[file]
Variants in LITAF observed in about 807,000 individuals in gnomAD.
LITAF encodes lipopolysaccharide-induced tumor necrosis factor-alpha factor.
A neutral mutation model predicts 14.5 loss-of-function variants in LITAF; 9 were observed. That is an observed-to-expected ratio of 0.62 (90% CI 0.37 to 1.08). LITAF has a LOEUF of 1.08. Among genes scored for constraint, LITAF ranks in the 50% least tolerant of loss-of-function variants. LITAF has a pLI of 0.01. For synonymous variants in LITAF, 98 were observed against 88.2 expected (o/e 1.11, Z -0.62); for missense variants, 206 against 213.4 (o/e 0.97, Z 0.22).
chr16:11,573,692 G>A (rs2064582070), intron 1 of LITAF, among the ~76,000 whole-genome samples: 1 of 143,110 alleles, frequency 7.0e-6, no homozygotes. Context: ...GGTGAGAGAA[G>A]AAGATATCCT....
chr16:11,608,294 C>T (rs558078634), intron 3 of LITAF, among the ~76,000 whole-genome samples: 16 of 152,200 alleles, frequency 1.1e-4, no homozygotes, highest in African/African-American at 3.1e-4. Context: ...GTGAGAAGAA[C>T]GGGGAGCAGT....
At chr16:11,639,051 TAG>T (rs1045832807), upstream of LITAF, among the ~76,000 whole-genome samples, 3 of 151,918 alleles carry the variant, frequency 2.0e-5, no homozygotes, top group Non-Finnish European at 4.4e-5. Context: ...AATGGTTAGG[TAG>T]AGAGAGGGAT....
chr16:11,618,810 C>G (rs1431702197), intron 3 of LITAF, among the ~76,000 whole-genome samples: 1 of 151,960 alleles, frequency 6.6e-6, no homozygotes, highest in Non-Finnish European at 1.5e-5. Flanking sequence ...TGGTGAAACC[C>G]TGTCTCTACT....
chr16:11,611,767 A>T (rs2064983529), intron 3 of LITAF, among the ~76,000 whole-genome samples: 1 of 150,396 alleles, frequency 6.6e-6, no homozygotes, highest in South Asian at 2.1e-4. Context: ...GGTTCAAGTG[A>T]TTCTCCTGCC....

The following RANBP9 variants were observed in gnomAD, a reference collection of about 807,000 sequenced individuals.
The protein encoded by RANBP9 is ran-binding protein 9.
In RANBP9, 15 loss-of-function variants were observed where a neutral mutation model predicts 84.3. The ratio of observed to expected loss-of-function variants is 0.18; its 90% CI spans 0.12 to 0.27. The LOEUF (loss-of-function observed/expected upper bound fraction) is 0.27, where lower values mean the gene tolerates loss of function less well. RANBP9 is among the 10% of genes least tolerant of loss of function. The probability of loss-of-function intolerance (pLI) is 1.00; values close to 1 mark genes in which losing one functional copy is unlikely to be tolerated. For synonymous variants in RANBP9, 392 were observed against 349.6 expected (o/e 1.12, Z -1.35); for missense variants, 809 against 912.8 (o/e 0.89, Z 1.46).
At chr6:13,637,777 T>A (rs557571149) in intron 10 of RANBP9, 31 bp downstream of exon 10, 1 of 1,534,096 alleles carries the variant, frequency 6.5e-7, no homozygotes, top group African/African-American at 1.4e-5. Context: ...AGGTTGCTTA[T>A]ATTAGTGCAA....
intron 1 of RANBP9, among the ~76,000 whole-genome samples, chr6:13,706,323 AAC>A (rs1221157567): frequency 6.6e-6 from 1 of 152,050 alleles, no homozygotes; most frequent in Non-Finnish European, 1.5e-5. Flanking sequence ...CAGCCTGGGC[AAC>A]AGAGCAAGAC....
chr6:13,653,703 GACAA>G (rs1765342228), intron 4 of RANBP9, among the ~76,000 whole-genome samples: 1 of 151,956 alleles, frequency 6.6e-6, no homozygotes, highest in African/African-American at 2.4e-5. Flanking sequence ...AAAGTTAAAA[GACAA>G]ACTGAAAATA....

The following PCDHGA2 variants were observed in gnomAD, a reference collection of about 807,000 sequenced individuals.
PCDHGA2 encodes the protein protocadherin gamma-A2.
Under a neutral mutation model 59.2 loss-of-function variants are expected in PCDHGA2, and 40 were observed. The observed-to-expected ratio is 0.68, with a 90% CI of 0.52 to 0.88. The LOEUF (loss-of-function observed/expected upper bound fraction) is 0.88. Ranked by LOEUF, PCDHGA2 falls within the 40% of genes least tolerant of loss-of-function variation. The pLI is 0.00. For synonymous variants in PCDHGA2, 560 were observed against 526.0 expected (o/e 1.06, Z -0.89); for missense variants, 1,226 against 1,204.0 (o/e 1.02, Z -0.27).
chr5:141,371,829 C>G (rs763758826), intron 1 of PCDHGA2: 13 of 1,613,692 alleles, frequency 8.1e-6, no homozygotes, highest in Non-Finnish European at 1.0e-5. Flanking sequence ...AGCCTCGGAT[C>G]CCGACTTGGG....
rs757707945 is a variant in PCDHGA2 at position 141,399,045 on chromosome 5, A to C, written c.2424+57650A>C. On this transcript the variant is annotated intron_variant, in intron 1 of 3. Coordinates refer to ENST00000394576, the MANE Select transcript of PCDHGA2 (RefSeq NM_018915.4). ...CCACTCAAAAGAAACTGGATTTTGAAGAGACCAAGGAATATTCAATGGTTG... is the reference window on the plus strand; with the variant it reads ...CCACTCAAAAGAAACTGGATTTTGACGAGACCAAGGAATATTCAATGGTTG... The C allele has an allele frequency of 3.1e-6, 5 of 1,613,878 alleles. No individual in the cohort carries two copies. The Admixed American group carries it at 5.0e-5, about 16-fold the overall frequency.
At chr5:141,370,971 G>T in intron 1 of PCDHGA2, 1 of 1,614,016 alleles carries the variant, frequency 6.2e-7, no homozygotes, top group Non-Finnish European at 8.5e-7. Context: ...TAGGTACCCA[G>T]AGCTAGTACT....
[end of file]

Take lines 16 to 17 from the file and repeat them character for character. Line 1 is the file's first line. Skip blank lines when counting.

PCDHGA2 encodes the protein protocadherin gamma-A2.
Under a neutral mutation model 59.2 loss-of-function variants are expected in PCDHGA2, and 40 were observed. The observed-to-expected ratio is 0.68, with a 90% CI of 0.52 to 0.88. The LOEUF (loss-of-function observed/expected upper bound fraction) is 0.88. Ranked by LOEUF, PCDHGA2 falls within the 40% of genes least tolerant of loss-of-function variation. The pLI is 0.00. For synonymous variants in PCDHGA2, 560 were observed against 526.0 expected (o/e 1.06, Z -0.89); for missense variants, 1,226 against 1,204.0 (o/e 1.02, Z -0.27).